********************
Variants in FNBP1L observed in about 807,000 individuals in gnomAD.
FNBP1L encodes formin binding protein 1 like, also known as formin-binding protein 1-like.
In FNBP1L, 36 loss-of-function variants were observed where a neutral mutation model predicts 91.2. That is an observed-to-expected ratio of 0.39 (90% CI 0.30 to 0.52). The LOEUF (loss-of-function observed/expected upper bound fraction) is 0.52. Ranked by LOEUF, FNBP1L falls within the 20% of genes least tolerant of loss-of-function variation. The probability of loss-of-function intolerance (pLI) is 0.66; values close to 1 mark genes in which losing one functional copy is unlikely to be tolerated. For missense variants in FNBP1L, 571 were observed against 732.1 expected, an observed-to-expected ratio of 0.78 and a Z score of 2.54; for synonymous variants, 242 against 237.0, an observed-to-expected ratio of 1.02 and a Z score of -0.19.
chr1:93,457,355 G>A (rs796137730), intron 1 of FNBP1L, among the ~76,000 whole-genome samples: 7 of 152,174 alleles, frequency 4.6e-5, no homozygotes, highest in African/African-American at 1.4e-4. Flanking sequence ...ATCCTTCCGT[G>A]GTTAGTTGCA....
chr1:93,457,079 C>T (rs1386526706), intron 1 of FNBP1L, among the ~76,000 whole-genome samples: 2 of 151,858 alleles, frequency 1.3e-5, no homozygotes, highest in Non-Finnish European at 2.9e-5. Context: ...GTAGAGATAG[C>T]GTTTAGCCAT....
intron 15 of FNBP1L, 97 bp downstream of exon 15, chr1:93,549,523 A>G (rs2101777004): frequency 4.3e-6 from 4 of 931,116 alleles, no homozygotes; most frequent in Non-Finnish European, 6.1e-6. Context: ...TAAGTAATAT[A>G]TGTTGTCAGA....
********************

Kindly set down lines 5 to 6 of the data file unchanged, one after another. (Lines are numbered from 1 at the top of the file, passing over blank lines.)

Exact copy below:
chr1:93,457,079 C>T (rs1386526706), intron 1 of FNBP1L, among the ~76,000 whole-genome samples: 2 of 151,858 alleles, frequency 1.3e-5, no homozygotes, highest in Non-Finnish European at 2.9e-5. Context: ...GTAGAGATAG[C>T]GTTTAGCCAT....
intron 15 of FNBP1L, 97 bp downstream of exon 15, chr1:93,549,523 A>G (rs2101777004): frequency 4.3e-6 from 4 of 931,116 alleles, no homozygotes; most frequent in Non-Finnish European, 6.1e-6. Context: ...TAAGTAATAT[A>G]TGTTGTCAGA....